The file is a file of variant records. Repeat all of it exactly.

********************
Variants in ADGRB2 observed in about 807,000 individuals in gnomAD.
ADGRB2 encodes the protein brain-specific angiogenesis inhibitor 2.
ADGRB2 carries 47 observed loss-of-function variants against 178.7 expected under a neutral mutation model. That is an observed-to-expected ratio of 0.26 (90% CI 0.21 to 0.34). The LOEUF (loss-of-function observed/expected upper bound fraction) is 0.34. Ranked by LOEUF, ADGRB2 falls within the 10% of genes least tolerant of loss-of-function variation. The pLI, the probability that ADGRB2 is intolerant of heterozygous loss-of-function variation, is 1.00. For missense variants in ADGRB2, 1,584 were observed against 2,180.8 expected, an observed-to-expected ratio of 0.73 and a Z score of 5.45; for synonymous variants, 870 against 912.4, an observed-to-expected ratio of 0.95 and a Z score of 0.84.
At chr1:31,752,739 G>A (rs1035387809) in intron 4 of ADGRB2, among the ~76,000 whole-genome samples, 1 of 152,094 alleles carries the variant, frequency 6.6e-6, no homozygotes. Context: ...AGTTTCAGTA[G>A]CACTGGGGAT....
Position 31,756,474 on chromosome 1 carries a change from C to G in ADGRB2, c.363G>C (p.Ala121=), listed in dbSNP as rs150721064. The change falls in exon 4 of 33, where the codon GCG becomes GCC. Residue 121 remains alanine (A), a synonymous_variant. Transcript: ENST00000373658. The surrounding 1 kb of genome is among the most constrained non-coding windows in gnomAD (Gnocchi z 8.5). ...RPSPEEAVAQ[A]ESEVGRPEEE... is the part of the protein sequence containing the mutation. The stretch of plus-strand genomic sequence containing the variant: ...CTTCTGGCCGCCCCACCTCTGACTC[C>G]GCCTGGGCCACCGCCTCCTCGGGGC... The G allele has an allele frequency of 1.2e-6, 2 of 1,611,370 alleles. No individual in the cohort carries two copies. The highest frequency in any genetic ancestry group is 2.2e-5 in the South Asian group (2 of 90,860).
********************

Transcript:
Variants in ADGRB2 observed in about 807,000 individuals in gnomAD.
ADGRB2 encodes the protein brain-specific angiogenesis inhibitor 2.
ADGRB2 carries 47 observed loss-of-function variants against 178.7 expected under a neutral mutation model. That is an observed-to-expected ratio of 0.26 (90% CI 0.21 to 0.34). The LOEUF (loss-of-function observed/expected upper bound fraction) is 0.34. Ranked by LOEUF, ADGRB2 falls within the 10% of genes least tolerant of loss-of-function variation. The pLI, the probability that ADGRB2 is intolerant of heterozygous loss-of-function variation, is 1.00. For missense variants in ADGRB2, 1,584 were observed against 2,180.8 expected, an observed-to-expected ratio of 0.73 and a Z score of 5.45; for synonymous variants, 870 against 912.4, an observed-to-expected ratio of 0.95 and a Z score of 0.84.
At chr1:31,752,739 G>A (rs1035387809) in intron 4 of ADGRB2, among the ~76,000 whole-genome samples, 1 of 152,094 alleles carries the variant, frequency 6.6e-6, no homozygotes. Context: ...AGTTTCAGTA[G>A]CACTGGGGAT....
Position 31,756,474 on chromosome 1 carries a change from C to G in ADGRB2, c.363G>C (p.Ala121=), listed in dbSNP as rs150721064. The change falls in exon 4 of 33, where the codon GCG becomes GCC. Residue 121 remains alanine (A), a synonymous_variant. Transcript: ENST00000373658. The surrounding 1 kb of genome is among the most constrained non-coding windows in gnomAD (Gnocchi z 8.5). ...RPSPEEAVAQ[A]ESEVGRPEEE... is the part of the protein sequence containing the mutation. The stretch of plus-strand genomic sequence containing the variant: ...CTTCTGGCCGCCCCACCTCTGACTC[C>G]GCCTGGGCCACCGCCTCCTCGGGGC... The G allele has an allele frequency of 1.2e-6, 2 of 1,611,370 alleles. No individual in the cohort carries two copies. The highest frequency in any genetic ancestry group is 2.2e-5 in the South Asian group (2 of 90,860).